Statistical Science


Knowledge Transfer

Knowledge Transfer in Statistical Science

The research mission of the Department is to identify, develop and apply the sound statistical foundations essential for advances in the physical, social, environmental and medical sciences. The majority of the Department's research is motivated by applications, and much of it is done in collaboration with scientists from disciplines outside Statistical Science, some of them academics, some of them from industry, commerce or government.

Current and recent examples include:

  • ELDEV addition: As part of the ELDEV project (“Financial Engineering Analysis of Electricity Spot and Derivatives Markets”), Afzal Siddiqui has the opportunity to collaborate closely with two Norwegian power companies in order to determine not only how financial methods can be used to improve business practices, but also what problems are being encountered by industry. By organising two workshops annually in Trondheim, Norway, we communicate our findings to other academic researchers and power industry representatives. In fact, the first conference, the ELDEV Winter Conference, was held on 11 – 12 February 2009 at the Norwegian University of Science and Technology and attended by several European researchers and Norwegian power company analysts. The second one was held on 4 - 5 March 2010. Hence, continuation of such activity will provide direct, tangible benefits for the power sector in adopting state-of-the-art decision support tools.
  • Several Statistical Science staff work in close collaboration with environmental scientists to disseminate knowledge between disciplines and to the wider community outside academia. The department is closely involved with the UCL Environment Institute and the Institute for Risk and Disaster Reduction . Examples of knowledge transfer activities in the area of environmental science include joint supervision of PhD students in the UCL Geography Department (current topics include investigation of the impacts of climate change upon drought in southern Africa, and a study of groundwater arsenic mobilisation in Bangladesh); co-organisation of a multidisciplinary research programme on climate prediction at the Newton Institute for Mathematical Sciences in Cambridge (Dr Richard Chandler); a NERC-sponsored project in collaboration with several other universities, the British Geological Survey, water companies and international partners, examining interrelationships between climate change and the water cycle (Dr Richard Chandler); contributions to a series of NERC-funded training workshops for environmental scientists (Dr Richard Chandler).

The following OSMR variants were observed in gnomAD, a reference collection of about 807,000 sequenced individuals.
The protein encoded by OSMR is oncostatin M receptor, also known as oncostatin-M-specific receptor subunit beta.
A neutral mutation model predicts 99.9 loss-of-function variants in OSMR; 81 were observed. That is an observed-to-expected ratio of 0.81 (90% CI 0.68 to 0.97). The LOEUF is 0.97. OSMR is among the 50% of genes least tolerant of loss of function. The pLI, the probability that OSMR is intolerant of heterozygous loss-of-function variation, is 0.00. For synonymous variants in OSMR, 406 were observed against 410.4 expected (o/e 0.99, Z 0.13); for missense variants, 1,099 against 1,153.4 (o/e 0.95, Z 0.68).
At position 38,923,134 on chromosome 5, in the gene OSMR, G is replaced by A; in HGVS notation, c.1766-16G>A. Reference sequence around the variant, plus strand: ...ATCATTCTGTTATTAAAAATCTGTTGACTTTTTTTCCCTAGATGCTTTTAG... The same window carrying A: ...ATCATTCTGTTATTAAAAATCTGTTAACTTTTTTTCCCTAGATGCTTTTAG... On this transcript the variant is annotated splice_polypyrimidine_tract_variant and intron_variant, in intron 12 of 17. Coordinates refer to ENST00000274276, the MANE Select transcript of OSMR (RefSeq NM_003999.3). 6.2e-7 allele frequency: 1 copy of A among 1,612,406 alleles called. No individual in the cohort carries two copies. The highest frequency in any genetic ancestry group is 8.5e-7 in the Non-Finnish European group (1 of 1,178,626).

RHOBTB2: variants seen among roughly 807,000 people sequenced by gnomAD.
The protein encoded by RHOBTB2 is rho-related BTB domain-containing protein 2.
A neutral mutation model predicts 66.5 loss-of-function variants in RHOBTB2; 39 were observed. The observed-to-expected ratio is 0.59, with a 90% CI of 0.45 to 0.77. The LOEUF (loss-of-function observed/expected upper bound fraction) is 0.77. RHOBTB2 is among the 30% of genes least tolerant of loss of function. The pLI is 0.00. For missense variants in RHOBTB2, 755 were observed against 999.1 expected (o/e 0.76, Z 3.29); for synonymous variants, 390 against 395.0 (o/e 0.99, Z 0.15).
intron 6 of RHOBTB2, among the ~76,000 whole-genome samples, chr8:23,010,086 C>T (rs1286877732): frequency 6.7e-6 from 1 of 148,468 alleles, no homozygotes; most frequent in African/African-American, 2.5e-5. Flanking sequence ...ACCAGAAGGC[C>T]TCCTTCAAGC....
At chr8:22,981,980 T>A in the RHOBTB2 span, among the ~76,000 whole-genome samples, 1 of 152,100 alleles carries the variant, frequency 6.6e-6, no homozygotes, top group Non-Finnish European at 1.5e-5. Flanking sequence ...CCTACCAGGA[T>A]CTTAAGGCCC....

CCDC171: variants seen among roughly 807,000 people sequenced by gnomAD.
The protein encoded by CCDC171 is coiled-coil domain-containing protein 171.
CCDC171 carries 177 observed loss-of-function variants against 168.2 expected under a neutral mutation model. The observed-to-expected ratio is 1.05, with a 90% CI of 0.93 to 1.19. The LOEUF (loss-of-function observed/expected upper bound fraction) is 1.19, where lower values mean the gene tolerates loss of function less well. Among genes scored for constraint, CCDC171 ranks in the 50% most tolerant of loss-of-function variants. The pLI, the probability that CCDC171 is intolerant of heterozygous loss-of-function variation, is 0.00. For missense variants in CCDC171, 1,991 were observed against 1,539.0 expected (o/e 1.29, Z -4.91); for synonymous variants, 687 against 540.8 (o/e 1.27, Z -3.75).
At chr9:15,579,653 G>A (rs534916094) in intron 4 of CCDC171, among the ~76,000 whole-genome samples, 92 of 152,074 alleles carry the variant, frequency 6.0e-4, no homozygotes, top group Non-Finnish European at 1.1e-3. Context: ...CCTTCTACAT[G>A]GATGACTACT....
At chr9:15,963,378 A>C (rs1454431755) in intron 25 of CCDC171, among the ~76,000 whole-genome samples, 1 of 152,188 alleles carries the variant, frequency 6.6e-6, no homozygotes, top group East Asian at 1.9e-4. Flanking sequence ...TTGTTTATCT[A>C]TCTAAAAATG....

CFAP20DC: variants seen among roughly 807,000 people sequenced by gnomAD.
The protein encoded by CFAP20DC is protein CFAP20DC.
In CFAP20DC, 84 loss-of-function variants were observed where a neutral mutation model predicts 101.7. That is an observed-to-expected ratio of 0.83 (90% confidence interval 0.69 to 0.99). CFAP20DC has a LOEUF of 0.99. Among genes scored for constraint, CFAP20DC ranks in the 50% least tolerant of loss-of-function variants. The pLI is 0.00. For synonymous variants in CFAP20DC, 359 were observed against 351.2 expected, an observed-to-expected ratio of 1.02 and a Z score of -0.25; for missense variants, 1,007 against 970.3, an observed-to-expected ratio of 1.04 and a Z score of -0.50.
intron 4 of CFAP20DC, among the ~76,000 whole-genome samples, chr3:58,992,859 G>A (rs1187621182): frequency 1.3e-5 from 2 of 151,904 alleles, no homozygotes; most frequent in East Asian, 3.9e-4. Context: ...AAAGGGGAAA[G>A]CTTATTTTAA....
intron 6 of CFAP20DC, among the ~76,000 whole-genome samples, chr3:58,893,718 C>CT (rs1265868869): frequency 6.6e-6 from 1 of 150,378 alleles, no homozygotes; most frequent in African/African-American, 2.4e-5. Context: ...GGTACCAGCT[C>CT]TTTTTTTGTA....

• Professor Tom Fearn has worked over a long period of time on the application of multivariate statistics to calibration problems in near infrared spectroscopy, with an emphasis on applications in food and agriculture. This has involved many international collaborations with spectroscopists and food scientists, currently with researchers in the Department of Animal Production in the University of Córdoba, Spain. His efforts to communicate good statistical practice include a regular Chemometric Space column in NIR News, and training courses at many international conferences.
  • The research of Professor Valerie Isham and Dr Richard Chandler into the spatial and temporal modelling of UK rainfall has been funded over a number of years by DEFRA. Dr Chandler's GLIMCLIM software is currently being developed by a UK engineering company for routine use in engineering design. His other knowledge transfer activities include an introduction to the science of floods and droughts, given as part of the Royal Statistical Society's contribution to National Science Week in 2006; contributions to a series of NERC-funded training workshops Statistics for Environmental Evaluation; and the delivery of a short course Advanced Analytical Methods for Climate Research at the Institute of Atmospheric Physics in Beijing in 2002.
  • Jointly with Brandon Whitcher (CIC, GlaxoSmithKline) UCL pursues an EPSRC funded project on Modelling Complex-Valued Diffusion Tensor Imaging Data and Efficient Methods for Inference. Diffusion Weighted Magnetic Resonance Imaging (DW-MRI) is an in vivo medical imaging technique, based on Magnetic Resonance Imaging (MRI) technology, that captures the diffusion of water molecules in tissue. The impediment of this diffusion process by nerves enables the characterisation of white matter structure and the measurement of quantitative descriptions of white matter integrity. DW-MRI has identified white matter alterations for a large number of conditions including Alzheimer's disease, Parkinson's disease, schizophrenia, neurological complications of HIV infection, autism, multiple sclerosis etc. The potential of DW-MRI to generate imaging biomarkers for disease progression opens the door to applications in the pharmaceutical industry for drug discovery and development. DW-MRI stands as one of the most important new technologies that will help us to improve our understanding of the complex structure of the brain. The project entails the development of statistical signal processing methods to improve local analysis of DW-MRI data.
  • The MSc Statistics trains statisticians for jobs in industry, commerce and government. Some part-time students on this course already have such jobs, and there are many recent examples of summer projects with external collaborators.